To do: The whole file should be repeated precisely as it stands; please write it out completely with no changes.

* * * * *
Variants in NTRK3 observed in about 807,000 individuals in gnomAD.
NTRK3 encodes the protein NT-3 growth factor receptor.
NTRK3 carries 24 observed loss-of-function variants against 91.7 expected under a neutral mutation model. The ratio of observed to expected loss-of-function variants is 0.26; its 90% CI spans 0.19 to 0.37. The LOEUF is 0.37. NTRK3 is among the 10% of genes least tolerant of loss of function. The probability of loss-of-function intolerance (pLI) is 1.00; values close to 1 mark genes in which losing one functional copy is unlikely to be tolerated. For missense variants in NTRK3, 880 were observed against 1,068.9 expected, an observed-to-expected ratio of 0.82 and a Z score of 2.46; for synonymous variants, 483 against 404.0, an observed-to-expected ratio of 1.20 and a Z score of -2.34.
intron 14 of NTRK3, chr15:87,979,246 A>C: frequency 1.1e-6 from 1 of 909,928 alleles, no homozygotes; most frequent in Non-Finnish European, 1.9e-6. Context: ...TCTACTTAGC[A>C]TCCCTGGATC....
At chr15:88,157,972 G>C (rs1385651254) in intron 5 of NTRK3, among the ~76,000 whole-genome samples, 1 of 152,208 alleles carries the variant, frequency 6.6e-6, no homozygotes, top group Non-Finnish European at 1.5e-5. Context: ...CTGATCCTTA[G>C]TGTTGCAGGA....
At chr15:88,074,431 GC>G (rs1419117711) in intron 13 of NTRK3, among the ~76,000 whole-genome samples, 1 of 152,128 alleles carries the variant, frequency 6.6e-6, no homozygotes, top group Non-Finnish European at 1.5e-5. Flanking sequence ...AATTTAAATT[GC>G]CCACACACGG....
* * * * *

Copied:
Variants in NTRK3 observed in about 807,000 individuals in gnomAD.
NTRK3 encodes the protein NT-3 growth factor receptor.
NTRK3 carries 24 observed loss-of-function variants against 91.7 expected under a neutral mutation model. The ratio of observed to expected loss-of-function variants is 0.26; its 90% CI spans 0.19 to 0.37. The LOEUF is 0.37. NTRK3 is among the 10% of genes least tolerant of loss of function. The probability of loss-of-function intolerance (pLI) is 1.00; values close to 1 mark genes in which losing one functional copy is unlikely to be tolerated. For missense variants in NTRK3, 880 were observed against 1,068.9 expected, an observed-to-expected ratio of 0.82 and a Z score of 2.46; for synonymous variants, 483 against 404.0, an observed-to-expected ratio of 1.20 and a Z score of -2.34.
intron 14 of NTRK3, chr15:87,979,246 A>C: frequency 1.1e-6 from 1 of 909,928 alleles, no homozygotes; most frequent in Non-Finnish European, 1.9e-6. Context: ...TCTACTTAGC[A>C]TCCCTGGATC....
At chr15:88,157,972 G>C (rs1385651254) in intron 5 of NTRK3, among the ~76,000 whole-genome samples, 1 of 152,208 alleles carries the variant, frequency 6.6e-6, no homozygotes, top group Non-Finnish European at 1.5e-5. Context: ...CTGATCCTTA[G>C]TGTTGCAGGA....
At chr15:88,074,431 GC>G (rs1419117711) in intron 13 of NTRK3, among the ~76,000 whole-genome samples, 1 of 152,128 alleles carries the variant, frequency 6.6e-6, no homozygotes, top group Non-Finnish European at 1.5e-5. Flanking sequence ...AATTTAAATT[GC>G]CCACACACGG....